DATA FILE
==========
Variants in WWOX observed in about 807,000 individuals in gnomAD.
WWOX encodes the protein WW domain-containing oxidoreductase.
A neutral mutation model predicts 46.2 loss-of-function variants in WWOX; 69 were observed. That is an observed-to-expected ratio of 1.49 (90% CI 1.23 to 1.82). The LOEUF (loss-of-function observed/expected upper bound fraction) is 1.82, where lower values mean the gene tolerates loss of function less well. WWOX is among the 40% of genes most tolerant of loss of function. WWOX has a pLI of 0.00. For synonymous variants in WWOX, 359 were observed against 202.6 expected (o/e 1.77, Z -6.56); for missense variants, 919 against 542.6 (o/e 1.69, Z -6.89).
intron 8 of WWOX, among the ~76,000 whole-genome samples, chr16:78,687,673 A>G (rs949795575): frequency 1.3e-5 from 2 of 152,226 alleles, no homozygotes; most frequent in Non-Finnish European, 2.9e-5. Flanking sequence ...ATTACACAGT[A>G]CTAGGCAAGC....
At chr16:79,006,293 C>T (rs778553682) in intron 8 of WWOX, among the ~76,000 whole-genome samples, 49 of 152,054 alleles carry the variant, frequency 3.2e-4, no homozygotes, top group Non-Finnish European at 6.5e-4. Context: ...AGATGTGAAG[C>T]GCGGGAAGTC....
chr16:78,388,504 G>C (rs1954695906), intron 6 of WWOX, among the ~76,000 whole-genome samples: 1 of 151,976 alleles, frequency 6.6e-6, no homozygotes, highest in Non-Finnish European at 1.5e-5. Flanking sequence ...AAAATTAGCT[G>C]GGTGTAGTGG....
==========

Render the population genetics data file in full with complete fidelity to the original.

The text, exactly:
Variants in WWOX observed in about 807,000 individuals in gnomAD.
WWOX encodes the protein WW domain-containing oxidoreductase.
A neutral mutation model predicts 46.2 loss-of-function variants in WWOX; 69 were observed. That is an observed-to-expected ratio of 1.49 (90% CI 1.23 to 1.82). The LOEUF (loss-of-function observed/expected upper bound fraction) is 1.82, where lower values mean the gene tolerates loss of function less well. WWOX is among the 40% of genes most tolerant of loss of function. WWOX has a pLI of 0.00. For synonymous variants in WWOX, 359 were observed against 202.6 expected (o/e 1.77, Z -6.56); for missense variants, 919 against 542.6 (o/e 1.69, Z -6.89).
intron 8 of WWOX, among the ~76,000 whole-genome samples, chr16:78,687,673 A>G (rs949795575): frequency 1.3e-5 from 2 of 152,226 alleles, no homozygotes; most frequent in Non-Finnish European, 2.9e-5. Flanking sequence ...ATTACACAGT[A>G]CTAGGCAAGC....
At chr16:79,006,293 C>T (rs778553682) in intron 8 of WWOX, among the ~76,000 whole-genome samples, 49 of 152,054 alleles carry the variant, frequency 3.2e-4, no homozygotes, top group Non-Finnish European at 6.5e-4. Context: ...AGATGTGAAG[C>T]GCGGGAAGTC....
chr16:78,388,504 G>C (rs1954695906), intron 6 of WWOX, among the ~76,000 whole-genome samples: 1 of 151,976 alleles, frequency 6.6e-6, no homozygotes, highest in Non-Finnish European at 1.5e-5. Flanking sequence ...AAAATTAGCT[G>C]GGTGTAGTGG....